Is the Fed's Treasury Work' Done?


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The good news is the Federal Reserve stands ready to help if U.S. economy acts worse than expected. The bad news is the U.S. economy needs help.

Thus far, the Fed's monetary trickery has helped to inflate U.S. stocks (NYSEArca: VTI) and U.S. Treasuries (NYSEArca: TLT) but not much else. Ben Bernanke, the Fed's Chairman, actually went on record to say his private organization's bond buying program could boost U.S. employment by about 700,000 over the next two years. Is he serious?! If creating jobs by purchasing bonds is such a great panacea, why haven't the 7.2 million pre-recession jobs suddenly returned?  

If we were to choose a theme song for the Federal Reserve, the 1977 hit song 'Three Little Birds' by Bob Marley would be it. The lyrics are immensely reassuring not to mention repetitive. The song's main chorus says, 'Don't worry bout a thing cause every little thing gonna be alright.' Unfortunately, 'everything is not alright.'

U.S. Government's AAA-Rating
Bernanke's latest 'work' has been to warn Congress to raise the nation's debt limit and if not, then to expect another financial crisis. Although it has not yet officially defaulted, the U.S. government is in a fiscally dire situation. Even if lawmakers temporarily raise the debt limit, it still doesn't eliminate the debt. Furthermore, any unexpected uptick in interest rates would increase the government's borrowing cost and make debt repayments much harder.

Despite the reality of the situation, major credit rating agencies maintain their AAA-rating of U.S. government debt. Why have they done this? I think it's mainly because the nightmare of mis-rated AAA-rated mortgage debt that was ultimately proved worthless is a distant memory. Likewise the 'warnings' from these agencies about a potential credit U.S. downgrade are comparable to the boy that cried wolf. After so many false alarms, people wised up and stopped listening.   

Years ago Warren Buffett warned that, 'Debt is a four-letter word' but apparently, Fitch Ratings, Moody's ( MCO ) and Standard & Poor's ( MHP ) never got the memo. Normally, corporations and individuals faced with a debt crisis like the U.S. government's have their credit lines and credit rating immediately yanked. Are credit agencies applying a double standard when it comes to government rated debt?  And if so, why isn't the Securities and Exchange Commission doing anything about it?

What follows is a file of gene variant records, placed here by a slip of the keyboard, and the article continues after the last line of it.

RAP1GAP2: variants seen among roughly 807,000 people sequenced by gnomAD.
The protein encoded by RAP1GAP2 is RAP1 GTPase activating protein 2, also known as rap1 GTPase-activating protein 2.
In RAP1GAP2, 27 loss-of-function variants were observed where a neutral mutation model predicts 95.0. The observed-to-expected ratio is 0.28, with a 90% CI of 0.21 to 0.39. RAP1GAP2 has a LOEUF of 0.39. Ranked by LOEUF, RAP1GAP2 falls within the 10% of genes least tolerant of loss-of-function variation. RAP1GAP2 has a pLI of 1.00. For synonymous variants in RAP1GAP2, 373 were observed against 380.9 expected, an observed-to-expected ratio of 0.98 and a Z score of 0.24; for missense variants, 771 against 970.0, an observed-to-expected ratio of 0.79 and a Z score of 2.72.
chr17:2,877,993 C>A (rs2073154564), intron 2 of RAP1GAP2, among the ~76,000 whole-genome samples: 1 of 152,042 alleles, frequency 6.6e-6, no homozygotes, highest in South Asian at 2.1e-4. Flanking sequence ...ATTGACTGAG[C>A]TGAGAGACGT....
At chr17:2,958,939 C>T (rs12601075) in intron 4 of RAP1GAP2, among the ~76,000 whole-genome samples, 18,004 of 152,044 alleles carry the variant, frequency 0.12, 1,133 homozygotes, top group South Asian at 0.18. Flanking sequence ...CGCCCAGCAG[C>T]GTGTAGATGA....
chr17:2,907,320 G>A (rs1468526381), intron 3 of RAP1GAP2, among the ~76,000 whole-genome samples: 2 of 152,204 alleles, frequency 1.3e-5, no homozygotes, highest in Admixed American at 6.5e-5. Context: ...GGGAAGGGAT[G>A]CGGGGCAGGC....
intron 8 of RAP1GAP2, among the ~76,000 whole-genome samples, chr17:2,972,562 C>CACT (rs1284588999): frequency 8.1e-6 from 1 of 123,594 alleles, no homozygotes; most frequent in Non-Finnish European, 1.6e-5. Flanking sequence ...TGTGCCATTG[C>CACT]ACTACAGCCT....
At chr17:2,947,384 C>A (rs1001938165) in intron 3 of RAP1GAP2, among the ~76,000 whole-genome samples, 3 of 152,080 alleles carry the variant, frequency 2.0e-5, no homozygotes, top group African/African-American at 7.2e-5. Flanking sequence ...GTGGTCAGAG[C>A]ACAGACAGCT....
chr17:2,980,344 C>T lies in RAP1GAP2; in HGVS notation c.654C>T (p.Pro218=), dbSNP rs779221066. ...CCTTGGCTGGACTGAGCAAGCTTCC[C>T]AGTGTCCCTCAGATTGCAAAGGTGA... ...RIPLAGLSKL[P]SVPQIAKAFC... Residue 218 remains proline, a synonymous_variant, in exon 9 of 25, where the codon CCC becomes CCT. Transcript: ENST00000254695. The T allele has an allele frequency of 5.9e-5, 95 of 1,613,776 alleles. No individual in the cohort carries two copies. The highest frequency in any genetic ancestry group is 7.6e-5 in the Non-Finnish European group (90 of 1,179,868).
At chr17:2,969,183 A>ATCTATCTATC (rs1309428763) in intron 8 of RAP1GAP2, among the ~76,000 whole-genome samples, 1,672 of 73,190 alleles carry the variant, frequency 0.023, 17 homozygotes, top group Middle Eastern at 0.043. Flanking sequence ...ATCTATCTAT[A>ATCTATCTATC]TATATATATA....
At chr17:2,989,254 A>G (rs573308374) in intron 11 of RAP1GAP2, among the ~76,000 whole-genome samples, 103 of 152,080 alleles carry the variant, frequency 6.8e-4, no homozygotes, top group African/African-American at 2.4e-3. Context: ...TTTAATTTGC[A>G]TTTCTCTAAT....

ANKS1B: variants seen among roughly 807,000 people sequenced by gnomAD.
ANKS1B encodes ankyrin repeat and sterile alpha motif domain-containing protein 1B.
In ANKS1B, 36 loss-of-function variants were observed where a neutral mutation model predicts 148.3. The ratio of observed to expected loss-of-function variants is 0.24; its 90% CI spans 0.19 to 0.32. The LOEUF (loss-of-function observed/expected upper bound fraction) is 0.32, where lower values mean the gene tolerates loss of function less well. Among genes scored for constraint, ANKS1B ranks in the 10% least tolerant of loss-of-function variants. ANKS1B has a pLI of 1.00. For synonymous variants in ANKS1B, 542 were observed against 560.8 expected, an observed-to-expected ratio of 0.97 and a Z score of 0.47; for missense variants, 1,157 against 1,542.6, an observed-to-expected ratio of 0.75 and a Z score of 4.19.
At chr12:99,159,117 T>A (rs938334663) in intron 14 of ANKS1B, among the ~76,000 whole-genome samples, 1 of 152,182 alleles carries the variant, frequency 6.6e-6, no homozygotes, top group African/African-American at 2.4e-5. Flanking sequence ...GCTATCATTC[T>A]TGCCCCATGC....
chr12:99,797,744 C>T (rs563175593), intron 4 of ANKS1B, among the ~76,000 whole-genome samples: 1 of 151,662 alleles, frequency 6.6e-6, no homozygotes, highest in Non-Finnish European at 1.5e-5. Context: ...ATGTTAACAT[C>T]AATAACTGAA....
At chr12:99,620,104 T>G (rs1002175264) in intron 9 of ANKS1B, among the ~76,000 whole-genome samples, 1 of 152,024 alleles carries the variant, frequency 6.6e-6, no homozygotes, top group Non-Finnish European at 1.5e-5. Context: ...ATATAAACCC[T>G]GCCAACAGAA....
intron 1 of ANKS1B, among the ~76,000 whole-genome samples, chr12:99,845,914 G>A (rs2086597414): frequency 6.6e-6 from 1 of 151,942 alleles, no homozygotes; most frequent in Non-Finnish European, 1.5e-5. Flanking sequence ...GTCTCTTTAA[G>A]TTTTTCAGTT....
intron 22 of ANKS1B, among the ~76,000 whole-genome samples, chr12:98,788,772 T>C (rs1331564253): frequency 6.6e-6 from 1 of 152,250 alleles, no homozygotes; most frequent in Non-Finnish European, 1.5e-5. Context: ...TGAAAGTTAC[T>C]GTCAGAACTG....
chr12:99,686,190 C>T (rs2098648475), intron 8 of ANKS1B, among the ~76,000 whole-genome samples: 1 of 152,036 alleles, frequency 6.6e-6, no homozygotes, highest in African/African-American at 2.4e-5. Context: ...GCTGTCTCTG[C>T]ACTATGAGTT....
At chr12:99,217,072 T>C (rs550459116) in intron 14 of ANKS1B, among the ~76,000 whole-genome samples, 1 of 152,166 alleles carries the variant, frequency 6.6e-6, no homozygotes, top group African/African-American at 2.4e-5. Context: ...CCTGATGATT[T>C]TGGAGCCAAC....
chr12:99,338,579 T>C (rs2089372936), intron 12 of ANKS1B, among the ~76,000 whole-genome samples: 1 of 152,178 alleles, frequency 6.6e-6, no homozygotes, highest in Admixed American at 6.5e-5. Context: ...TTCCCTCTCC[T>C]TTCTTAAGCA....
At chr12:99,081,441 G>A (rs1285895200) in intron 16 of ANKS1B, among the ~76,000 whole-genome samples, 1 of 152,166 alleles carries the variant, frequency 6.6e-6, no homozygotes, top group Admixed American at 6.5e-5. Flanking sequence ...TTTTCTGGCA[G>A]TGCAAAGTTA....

For the rest of us, it should raise red flags everywhere and anyone making investment decisions based upon the false-comfort of pristine credit ratings better re-think their strategy. Or as a bond analyst once told me: 'Credit ratings are assigned after analysts carefully analyze old financial statements.'

Fed's Buying
Since late last year, the Federal Reserve has been the largest buyer of U.S. Treasury debt (Nasdaq: FGOVX). But its QE2 program which gobbled up $600 billion in U.S. Treasuries ends on June 30th. This has caused some observers, like PIMCO's Bill Gross (Nasdaq: PTTRX), to speculate that Treasury prices (NYSEArca: IEF) will fall sharply without the Fed's continued supportive buying. Is the appetite for U.S. Treasuries by foreign buyers and other market players enough to overcome the Fed's exit? On paper, the logical answer is 'no.' However, if a pending collapse in Treasury prices is the consensus view, as it seems to be, it probably won't happen.

For sure, the Fed's the artificial involvement in the U.S. Treasury market remains intact. Regardless of whether they stop buying, the majority of their $3 trillion balance sheet is stuffed with U.S. paper. And furthermore, they could very well continue future purchases, as they've already alluded to.

Confluence of Factors
We know the Fed's 'work' at propping up the Treasury market and keeping interest rates low isn't done. Regardless, forces larger than the Federal Reserve are taking shape.

Although thepublic's attention is fixed on Congress and its August 2 deadline, a confluence of other factors will drive the future price of stocks, bonds and interest rates. What are the odds of a default? ETFguide's ETF weekly pick on U.S. Treasuries outlined the likelihood of a default by the U.S. government along with specific ETF strategies .

Beyond the Fed's tinkering, investors should expect the unexpected. Why? Because this time is  different.

The views and opinions expressed herein are the views and opinions of the author and do not necessarily reflect those of Nasdaq, Inc.

This article appears in: Investing , ETFs
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